At a small, on-the-record presslunch last week with Gen. Zinni (who was promoting his new book, The Battle for Peace), I asked him what would have happened had even two other active-duty generals appeared before Congress—or resigned and called a press conference—to support Shinseki's testimony. Gen. Zinni said he thought President Bush would have had a harder time rallying political support for the invasion. I also asked him why, in the three years since the war's start, not a single active-duty general has mustered the courage (or recklessness, disloyalty, call it what you will) to follow Shinseki's example—or, to put it another way, to follow the lesson in Dereliction of Duty.
Gen. Zinni referred to another book, a favorite of officers for nearly four decades now—Anton Myrer's 1968 novel, Once an Eagle. It's about two Army officers, friends from childhood, and their rise through the ranks: Sam Damon, a straight-arrow field commander, and Courtney Massengale, a scheming Pentagon careerist. Gen. Zinni said the two characters are widely seen in his profession as symbols for the two types of military officer—and the two paths of military promotion. He stopped short of saying so explicitly, but he suggested that the Pentagon's upper ranks contain too many Courtney Massengales and not enough Sam Damons.
He acknowledged other reasons many generals have declined to follow Shinseki, et al. into dissent. Some have no problem with the war or the way it has been conducted. Many others take very seriously the principle of civilian control; they firmly believe it is not their place to disagree with the president and his duly appointed secretary of defense—certainly not to do so in public, especially while the nation is at war. As a matter of principle, we should be glad that they feel this way. There are plenty of lessons from books, movies, and history that support this view as well: Seven Days in May (a charismatic general mounts a coup to keep the president from signing a nuclear-test-ban treaty with the Soviets), Dr. Strangelove (a loony general launches a nuclear attack on the Soviet Union without presidential authority), and the true-life tale of Gen. Douglas MacArthur (heroic commander of Korean War troops publicly advocates going beyond the 38th parallel and invading Communist China, forcing President Harry Truman to recall him).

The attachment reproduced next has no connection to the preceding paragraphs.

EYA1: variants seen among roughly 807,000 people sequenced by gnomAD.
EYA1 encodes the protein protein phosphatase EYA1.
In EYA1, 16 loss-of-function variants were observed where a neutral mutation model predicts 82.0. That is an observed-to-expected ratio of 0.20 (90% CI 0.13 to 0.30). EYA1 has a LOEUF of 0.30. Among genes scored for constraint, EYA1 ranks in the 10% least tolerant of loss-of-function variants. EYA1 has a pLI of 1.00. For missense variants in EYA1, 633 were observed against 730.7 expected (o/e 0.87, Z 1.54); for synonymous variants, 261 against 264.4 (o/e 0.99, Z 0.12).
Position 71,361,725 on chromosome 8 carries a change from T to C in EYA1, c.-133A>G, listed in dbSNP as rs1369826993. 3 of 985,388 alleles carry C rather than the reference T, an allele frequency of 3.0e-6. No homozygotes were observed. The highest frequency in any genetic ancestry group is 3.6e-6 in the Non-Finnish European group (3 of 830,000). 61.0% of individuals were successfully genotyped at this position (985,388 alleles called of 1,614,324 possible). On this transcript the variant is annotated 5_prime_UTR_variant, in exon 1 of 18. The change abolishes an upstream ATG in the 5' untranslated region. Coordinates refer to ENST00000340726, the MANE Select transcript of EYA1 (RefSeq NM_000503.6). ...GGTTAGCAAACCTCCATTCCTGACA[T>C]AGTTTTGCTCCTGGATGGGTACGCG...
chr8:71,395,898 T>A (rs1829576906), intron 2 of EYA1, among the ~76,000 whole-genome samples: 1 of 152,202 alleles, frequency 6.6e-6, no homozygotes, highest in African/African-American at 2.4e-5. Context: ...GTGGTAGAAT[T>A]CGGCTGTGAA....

MacArthur's legacy in particular has kept even the boldest generals deeply reluctant to criticize civilian leaders over the decades. Rumsfeld's arrogance, his "casualness and swagger" as Gen. Newbold put it—which have caused so many strategic blunders, so much death and disaster—have started to tip some officers over the edge. They may prove a good influence in the short run. But if Rumsfeld resists their encroachments and fights back, the whole hierarchy of command could implode as officers feel compelled not merely to stay silent but to choose one side or the other. And if the rebel officers win, they might find they like the taste of bureaucratic victory—and feel less constrained to renew the internecine combat when other, less momentous disputes arise in the future.
Both paths are cluttered with drear and danger. Does President Bush know this is going on? If he does, he would do the nation—and the Constitution—a big favor if he launched a different sort of pre-emptive attack and got rid of Rumsfeld now.
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